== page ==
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2011 Queensland Flood Update - 02/01/2011

2 January 2011

2011 Queensland Flood Update - 02/01/2011

Salvation Army emergency services personnel have been working around the clock for a number of days in their relief effort to help tens of thousands of people impacted by an ‘unprecedented’ flood crisis in central and south-east Queensland. Expectations are that the worst is yet to come for many areas.

Affected Areas  
  Dozens of cities and towns have been affected by the floods - the deluge continuing largely unabated since Christmas Eve – with some areas recording more than four times their average monthly rainfall for December.
  A number of rivers have burst their banks, inundating town centres and leaving many smaller communities completely cut off. The floods already encompass an area larger than the combined size of France and Germany.
  A number of rivers have burst their banks, inundating town centres and leaving many smaller communities completely cut off. The floods already encompass an area larger than the combined size of France and Germany.
  The level of rainfall has been phenomenal,’ said Central and North Queensland Divisional Commander Major Rodney Walters who has been helping to coordinate The Salvation Army’s relief effort from Divisional Headquarters in Rockhampton where residents are bracing for the worst floods in 20 years.
  It’s been raining virtually non-stop for days on end and with many rivers still to reach their predicted peak the worst is yet to come in terms of flooding,’ he added.
  More than 200,000 properties across Queensland are still without power – most of them in the Bundaberg region - with thousands of people being forced to evacuate their homes. It is expected that it will be at least several days before they will be allowed to return to their homes.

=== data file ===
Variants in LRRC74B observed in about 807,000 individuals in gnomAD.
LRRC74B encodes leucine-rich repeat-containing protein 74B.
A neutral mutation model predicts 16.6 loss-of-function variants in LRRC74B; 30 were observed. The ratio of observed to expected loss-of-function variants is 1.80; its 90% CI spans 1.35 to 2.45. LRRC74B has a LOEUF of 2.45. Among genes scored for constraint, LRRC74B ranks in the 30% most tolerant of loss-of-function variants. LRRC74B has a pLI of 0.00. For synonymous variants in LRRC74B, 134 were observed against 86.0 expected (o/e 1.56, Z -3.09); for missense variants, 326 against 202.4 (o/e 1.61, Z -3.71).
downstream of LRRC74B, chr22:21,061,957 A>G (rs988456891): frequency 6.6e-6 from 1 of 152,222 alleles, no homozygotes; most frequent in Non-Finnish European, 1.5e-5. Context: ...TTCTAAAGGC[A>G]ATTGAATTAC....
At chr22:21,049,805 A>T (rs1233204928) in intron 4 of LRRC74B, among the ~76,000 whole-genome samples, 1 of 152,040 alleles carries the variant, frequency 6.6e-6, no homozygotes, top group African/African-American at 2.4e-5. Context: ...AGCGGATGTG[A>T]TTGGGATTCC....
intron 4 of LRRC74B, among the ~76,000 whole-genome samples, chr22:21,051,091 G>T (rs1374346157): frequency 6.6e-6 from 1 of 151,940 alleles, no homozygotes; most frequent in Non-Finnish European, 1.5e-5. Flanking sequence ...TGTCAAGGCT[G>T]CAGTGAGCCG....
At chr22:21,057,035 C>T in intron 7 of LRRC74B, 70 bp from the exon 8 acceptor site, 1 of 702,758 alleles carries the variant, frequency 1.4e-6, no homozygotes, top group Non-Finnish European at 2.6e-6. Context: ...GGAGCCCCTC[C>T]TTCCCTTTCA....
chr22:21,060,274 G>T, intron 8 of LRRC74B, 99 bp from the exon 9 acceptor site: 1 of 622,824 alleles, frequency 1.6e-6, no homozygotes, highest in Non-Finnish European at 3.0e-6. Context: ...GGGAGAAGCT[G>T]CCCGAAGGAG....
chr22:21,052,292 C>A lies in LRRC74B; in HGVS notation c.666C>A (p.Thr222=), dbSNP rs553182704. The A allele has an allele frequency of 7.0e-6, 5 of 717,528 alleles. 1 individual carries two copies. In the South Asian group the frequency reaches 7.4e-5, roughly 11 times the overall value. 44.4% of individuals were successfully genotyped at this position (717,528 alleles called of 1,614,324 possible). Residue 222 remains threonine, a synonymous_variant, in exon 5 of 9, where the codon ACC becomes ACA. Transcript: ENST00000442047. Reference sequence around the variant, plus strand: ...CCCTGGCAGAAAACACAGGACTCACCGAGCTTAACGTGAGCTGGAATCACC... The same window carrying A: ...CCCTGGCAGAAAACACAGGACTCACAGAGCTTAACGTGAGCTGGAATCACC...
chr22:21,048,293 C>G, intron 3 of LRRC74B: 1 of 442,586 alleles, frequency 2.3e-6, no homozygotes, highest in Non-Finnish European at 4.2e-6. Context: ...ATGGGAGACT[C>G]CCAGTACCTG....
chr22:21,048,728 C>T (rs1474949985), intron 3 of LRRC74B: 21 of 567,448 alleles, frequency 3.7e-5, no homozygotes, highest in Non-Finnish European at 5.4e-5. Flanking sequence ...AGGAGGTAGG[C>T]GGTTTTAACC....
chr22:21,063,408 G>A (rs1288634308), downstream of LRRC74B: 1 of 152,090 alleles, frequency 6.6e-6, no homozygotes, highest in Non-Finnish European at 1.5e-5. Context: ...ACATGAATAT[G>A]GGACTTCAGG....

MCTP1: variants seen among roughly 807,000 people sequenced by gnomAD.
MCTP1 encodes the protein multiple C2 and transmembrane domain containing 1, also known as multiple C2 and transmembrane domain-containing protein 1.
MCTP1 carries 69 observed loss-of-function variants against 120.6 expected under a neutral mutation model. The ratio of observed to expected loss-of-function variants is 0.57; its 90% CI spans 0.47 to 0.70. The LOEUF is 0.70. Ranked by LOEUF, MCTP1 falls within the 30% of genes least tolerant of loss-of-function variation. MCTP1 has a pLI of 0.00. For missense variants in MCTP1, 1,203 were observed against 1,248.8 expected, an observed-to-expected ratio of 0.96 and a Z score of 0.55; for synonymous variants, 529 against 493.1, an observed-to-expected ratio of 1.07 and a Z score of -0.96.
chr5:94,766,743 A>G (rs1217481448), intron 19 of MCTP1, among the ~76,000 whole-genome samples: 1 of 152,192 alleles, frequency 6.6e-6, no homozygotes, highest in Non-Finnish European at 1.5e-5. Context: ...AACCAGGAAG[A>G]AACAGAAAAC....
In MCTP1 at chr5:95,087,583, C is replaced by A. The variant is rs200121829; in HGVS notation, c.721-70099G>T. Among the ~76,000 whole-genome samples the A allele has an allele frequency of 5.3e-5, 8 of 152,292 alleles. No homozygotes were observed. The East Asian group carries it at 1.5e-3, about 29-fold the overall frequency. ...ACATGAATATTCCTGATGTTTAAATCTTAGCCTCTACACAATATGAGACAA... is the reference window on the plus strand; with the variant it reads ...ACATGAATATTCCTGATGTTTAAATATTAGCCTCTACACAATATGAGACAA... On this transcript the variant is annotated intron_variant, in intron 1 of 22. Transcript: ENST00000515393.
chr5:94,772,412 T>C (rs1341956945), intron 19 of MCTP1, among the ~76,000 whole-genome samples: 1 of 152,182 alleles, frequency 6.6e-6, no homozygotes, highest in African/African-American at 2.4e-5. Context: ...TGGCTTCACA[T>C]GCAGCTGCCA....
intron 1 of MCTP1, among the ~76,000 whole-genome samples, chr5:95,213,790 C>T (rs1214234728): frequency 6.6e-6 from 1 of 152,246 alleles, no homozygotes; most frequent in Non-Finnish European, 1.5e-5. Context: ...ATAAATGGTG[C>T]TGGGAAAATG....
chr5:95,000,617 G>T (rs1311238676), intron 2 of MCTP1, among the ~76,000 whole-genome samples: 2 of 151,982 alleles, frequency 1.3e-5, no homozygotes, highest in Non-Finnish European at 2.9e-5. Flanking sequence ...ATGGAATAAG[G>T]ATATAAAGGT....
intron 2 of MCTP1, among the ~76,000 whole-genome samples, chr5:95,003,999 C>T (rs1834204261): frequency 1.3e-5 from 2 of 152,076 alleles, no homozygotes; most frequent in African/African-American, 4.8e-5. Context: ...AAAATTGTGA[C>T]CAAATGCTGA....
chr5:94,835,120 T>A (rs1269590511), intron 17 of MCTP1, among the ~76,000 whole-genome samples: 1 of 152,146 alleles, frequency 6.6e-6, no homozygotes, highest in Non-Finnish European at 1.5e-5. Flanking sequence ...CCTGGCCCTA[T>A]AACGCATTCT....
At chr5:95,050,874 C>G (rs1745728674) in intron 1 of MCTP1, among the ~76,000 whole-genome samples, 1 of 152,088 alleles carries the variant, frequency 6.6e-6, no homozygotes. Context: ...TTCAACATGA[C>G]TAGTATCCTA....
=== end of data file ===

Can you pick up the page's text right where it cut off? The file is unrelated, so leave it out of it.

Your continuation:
Other areas hard hit include Emerald - where up to 80 per cent of the city is inundated – and the communities of Gin Gin, Dalby, Theodore and Chinchilla.
  Eight areas across southern and central Queensland are the subject of government disaster declarations with Queensland Premier Anna Bligh describing the floods as ‘an unprecedented situation in Queensland’.
  In Rockhampton, The Salvation Army has been involved in feeding more than 1200 people at three evacuation centres in the city while also providing meals for dozens of volunteer and support staff.
  Further west at Emerald - where the Nogoa River is expected to peak at 16.2 metres - and south at Bundaberg, more than 1400 people are being provided with meals by Salvation Army emergency services personnel.
  The Salvation Army is also feeding more than 350 travellers at Gin Gin who have become stranded after all major roads in the area were cut off by floodwaters. Rail services have also been affected.
  The emergency relief effort is being assisted by The Salvation Army Flying Padre helicopter service through the transportation of supplies to stricken communities over the vast area impacted by the flooding. The newly commissioned helicopter is also being used to rescue people trapped by the floods in dangerous.
  ‘The Salvation Army emergency services teams are providing care and feeding programmes to flood-evacuated people at a number of designated evacuation centres,’ said Central and North Queensland Divisional Communications and Public Relations Secretary Captain Megan Gallagher.
  ‘These emergency teams are mostly made up of Salvation Army volunteers who are also in some circumstances, themselves the victims of the floods.’
  At Warwick, in south-east Queensland, The Salvation Army is involved in feeding more than 800 motorists who have become stranded in the city with all major roads in the area cut by floodwaters.
  With river levels in many areas not forecast to peak until early next week, The Salvation Army is bracing for the relief effort to continue well into this new year.

The Salvation Army acknowledges the Traditional Owners of country throughout Australia and recognises their continuing connection to land, waters and community. We pay our respects to them and their cultures; and to elders both past and present.

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